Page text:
It’s that time of year when eggs are in abundance. We love having chickens and getting fresh eggs daily. But what to do with all those eggs? Well, aside from the obvious (scramble them, make quiche, boil them for a variety of uses) … you can also make ice cream custard, Caesar dressing, or add the raw yolks to smoothies and porridge.
But if you have chickens of your own or picked up a ton at your local farmer’s market, you should definitely preserve some by water glassing. Water glassing allows eggs to be preserved raw so that you can use them as you normally would throughout the winter when eggs production is slower.
Water glassing is a simple and safe way to preserve eggs using pickling lime and water. It’s important that fresh, unwashed eggs are used. This method will allow you to preserve eggs in a raw state for 12-18 months. The idea is that this will carry you through until the next “season” when hens start laying again.
When it comes to eggs, it’s truly feast or famine. Chickens only lay eggs consistently when they have enough light from long days. (Some people add lights to their coop to trick chickens into laying year-round, while others feel this is nature’s way of giving the chicken’s bodies a break from laying.) If you have backyard chickens, take advantage of the abundance during spring and summer and put some eggs away for the colder months when chickens aren’t laying very regularly.
Even though eggs that have been water glassed are preserved fresh, I would suggest to still cook them fully, just to be safe. I eat raw eggs in all sorts of ways (a few of those recipes I mentioned above) but only when the eggs are truly fresh (less than two weeks old) and from a trusted source.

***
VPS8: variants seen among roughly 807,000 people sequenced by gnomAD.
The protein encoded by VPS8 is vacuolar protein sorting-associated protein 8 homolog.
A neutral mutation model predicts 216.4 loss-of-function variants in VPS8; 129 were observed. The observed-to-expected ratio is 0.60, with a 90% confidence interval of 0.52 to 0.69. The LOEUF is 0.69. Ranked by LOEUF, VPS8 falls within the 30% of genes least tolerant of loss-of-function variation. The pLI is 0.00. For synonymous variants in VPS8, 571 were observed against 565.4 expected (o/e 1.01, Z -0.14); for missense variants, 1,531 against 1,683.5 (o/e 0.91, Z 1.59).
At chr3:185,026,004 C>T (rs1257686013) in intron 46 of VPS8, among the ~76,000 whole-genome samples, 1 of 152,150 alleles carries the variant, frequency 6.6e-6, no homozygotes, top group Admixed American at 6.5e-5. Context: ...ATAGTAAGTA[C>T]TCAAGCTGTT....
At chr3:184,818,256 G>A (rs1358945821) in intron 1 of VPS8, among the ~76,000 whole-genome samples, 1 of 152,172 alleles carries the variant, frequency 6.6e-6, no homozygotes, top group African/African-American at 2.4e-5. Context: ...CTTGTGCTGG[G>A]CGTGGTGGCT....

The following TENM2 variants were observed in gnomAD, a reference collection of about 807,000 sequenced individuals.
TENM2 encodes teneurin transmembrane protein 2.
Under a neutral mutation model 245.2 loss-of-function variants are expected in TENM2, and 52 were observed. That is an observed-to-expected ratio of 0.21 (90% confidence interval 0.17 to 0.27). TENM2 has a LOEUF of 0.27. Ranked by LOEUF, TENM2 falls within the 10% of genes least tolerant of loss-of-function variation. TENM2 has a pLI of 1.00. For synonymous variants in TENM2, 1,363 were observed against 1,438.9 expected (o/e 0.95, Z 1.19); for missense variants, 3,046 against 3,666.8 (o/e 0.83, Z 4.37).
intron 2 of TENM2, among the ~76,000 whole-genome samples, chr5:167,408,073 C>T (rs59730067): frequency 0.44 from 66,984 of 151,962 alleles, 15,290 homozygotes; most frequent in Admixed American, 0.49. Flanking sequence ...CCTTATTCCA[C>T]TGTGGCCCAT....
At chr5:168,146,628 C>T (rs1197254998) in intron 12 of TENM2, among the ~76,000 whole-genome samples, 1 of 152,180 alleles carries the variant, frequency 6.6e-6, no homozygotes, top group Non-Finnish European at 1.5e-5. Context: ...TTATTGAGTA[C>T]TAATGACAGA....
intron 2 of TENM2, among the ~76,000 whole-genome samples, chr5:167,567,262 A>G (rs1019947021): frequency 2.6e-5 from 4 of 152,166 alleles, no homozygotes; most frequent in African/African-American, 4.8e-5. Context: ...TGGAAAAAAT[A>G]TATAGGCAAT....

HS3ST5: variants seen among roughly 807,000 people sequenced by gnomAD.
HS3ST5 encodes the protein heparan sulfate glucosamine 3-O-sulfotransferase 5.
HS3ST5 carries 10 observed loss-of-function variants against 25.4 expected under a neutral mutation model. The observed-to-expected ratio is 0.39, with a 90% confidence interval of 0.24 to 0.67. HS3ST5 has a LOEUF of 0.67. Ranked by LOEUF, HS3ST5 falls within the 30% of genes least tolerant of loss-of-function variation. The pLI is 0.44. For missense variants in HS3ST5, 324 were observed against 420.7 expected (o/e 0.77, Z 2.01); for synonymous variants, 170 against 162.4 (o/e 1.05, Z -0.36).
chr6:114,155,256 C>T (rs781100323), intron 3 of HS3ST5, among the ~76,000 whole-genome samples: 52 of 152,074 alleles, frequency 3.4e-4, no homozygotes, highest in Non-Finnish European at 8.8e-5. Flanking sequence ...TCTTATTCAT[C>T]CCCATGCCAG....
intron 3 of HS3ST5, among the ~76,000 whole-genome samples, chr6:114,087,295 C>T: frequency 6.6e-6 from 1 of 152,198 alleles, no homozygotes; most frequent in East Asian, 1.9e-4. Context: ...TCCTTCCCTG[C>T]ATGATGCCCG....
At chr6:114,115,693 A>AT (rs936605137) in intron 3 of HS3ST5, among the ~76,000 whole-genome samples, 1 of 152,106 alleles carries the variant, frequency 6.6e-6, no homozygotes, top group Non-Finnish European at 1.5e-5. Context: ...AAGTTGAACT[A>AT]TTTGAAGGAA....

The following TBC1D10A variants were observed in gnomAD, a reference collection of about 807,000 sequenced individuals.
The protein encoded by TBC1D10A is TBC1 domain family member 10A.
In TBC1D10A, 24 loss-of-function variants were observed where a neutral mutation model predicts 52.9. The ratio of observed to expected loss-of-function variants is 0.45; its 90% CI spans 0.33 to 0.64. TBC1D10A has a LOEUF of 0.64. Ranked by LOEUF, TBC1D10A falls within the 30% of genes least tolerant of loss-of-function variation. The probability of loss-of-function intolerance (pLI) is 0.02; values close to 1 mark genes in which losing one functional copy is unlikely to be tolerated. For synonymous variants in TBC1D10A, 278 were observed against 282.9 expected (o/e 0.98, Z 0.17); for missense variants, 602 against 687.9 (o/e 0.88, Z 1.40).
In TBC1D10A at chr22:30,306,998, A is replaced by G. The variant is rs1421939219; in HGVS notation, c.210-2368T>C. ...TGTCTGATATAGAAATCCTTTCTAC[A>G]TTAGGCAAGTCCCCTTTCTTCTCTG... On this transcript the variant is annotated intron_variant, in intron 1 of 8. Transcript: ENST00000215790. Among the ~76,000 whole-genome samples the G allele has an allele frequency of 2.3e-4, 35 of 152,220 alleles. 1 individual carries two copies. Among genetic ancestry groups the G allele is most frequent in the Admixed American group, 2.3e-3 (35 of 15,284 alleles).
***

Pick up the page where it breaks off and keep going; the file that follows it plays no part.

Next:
Check out all the details in this the video.
- 1 Kitchen scale
- 1 Container with lid
- 16 Fresh, Unwashed Eggs
- 1 Oz Pickling Lime (Calcium Hydroxide)
- 1 Quart Water
- Select an appropriate container. For the video demonstration I used a half gallon Mason jar. You can use a crock or even a plastic bucket with a lid.
- Place fresh, UNWASHED eggs in the container. The eggs must be unwashed and clean (no noticeable dirt or grime attached) and devoid of cracks.16 Fresh, Unwashed Eggs
- Using a kitchen scale, measure out 1 ounce of pickling lime. Add it to the 1 quart of water and stir to mix. Pour the solution over the eggs until they are completely submerged.1 Oz Pickling Lime (Calcium Hydroxide),1 Quart Water
- Store the sealed container in a preferably dark space. These last me until the next year and I use them in all of my recipes (pancakes, cornbread, etc.) where truly fresh eggs aren’t necessary.
- The solution will separate once it sits, this is totally normal.
- Before using, always rinse the eggs when you take them out of the solution to remove the pickling lime from the shells.
- The yolks might separate and run into the white of the egg. I noticed that the eggs in my dark crock prevented this from happening slightly.
- Crack the eggs separately and smell them before adding to any recipe, just to be safe. There is always a chance that they had a crack in the shell and the solution would have penetrated through.
- If you’re working with a large container (like my crock in the video), you can add eggs and solution as you go. Just make sure the eggs are submerged each time.